· Policy makers should amend federal law to ensure that domestic trafficking victims who may be otherwise ineligible for public benefits can receive certification, case management, cash assistance, and other help currently available to foreign national victims.

To read all of the recommendations on better protecting victims of labor trafficking and exploitation visit “Asking the Right Questions: A Human Rights Approach to Ending Trafficking and Exploitation in the Workplace.”

 

By Halimat Alawode, a 2017 graduate of St. Catherine University in Saint Paul, Minnesota with a major in Women and International Development. During the fall of 2016, she was a research intern with The Advocates’ human trafficking team.

This post is the third in a series on labor trafficking.  Additional post in the series include: 

Shedding light: Labor Exploitation and Labor Trafficking

Am I a Victim of Labor Trafficking and Exploitation?

Outstanding Human Rights Defenders Being Honored at Awards Dinner, June 25

Five people are being honored at The Advocates for Human Rights’ 2014 Human Rights Award Dinner, being held Wednesday, June 25 at the Hilton Minneapolis.  These individuals are integral components in The Advocates’ mission of advancing human rights here at home and around the world.

Marilyn Carlson Nelson will receive The Advocates’ 2014 Don and Arvonne Fraser Human Rights Award.  Chimgee Haltarhuu will be honored with the organization’s Special Recognition Award, and Mark Petty, Julie Shelton, and Laura Tripiciano will each receive The Advocates’ Volunteer Award.

Don and Arvonne Fraser Human Rights Award  > Marilyn Carlson Nelson

mcn sqbrdNamed as one of the “World’s 100 Most Powerful Women” by Forbes, Marilyn Carlson Nelson, the former CEO and chairman of Carlson, is a fierce human rights defender. Under her leadership, Carlson―which includes such brands as Radisson Hotels, Country Inns & Suites, and Carlson Wagonlit―became the first major U.S.-based travel company to commit to training its hotel employees to watch for and report child sex abuse when she signed the travel industry’s International Code of Conduct to end sexual exploitation and trafficking of children. Her passion for human rights also invigorated efforts to defeat the Minnesota marriage amendment that was before the state’s voters in 2012. The op-ed she wrote for the Star Tribune went viral and encouraged other Minnesota business leaders to voice their support for LGBTI rights.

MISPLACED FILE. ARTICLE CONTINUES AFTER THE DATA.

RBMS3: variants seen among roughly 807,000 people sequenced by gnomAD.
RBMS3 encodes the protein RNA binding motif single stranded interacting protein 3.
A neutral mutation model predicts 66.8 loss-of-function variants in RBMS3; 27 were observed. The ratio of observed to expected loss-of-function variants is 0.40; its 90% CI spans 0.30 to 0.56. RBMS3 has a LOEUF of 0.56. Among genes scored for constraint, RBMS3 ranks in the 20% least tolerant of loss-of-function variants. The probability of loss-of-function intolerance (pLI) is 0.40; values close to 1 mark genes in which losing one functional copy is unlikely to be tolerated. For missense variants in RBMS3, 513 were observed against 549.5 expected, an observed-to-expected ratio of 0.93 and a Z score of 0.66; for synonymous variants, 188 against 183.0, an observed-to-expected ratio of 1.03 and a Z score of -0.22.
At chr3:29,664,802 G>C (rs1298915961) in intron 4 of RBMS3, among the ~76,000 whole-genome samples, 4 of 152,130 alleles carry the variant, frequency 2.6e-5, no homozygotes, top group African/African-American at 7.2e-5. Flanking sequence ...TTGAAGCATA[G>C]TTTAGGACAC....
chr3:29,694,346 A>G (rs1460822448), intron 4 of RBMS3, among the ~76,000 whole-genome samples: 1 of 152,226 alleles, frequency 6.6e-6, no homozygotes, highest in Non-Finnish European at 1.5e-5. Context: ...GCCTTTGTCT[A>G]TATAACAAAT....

Carlson Nelson’s book How We Lead Matters: Reflections on a Life of Leadership is a best seller. The book, a collection of anecdotes originally intended just for her family, will be available for purchase at the Human Rights Award Dinner;  15% of the book’s sales that evening will be donated to The Advocates, courtesy of Magers & Quinn Booksellers.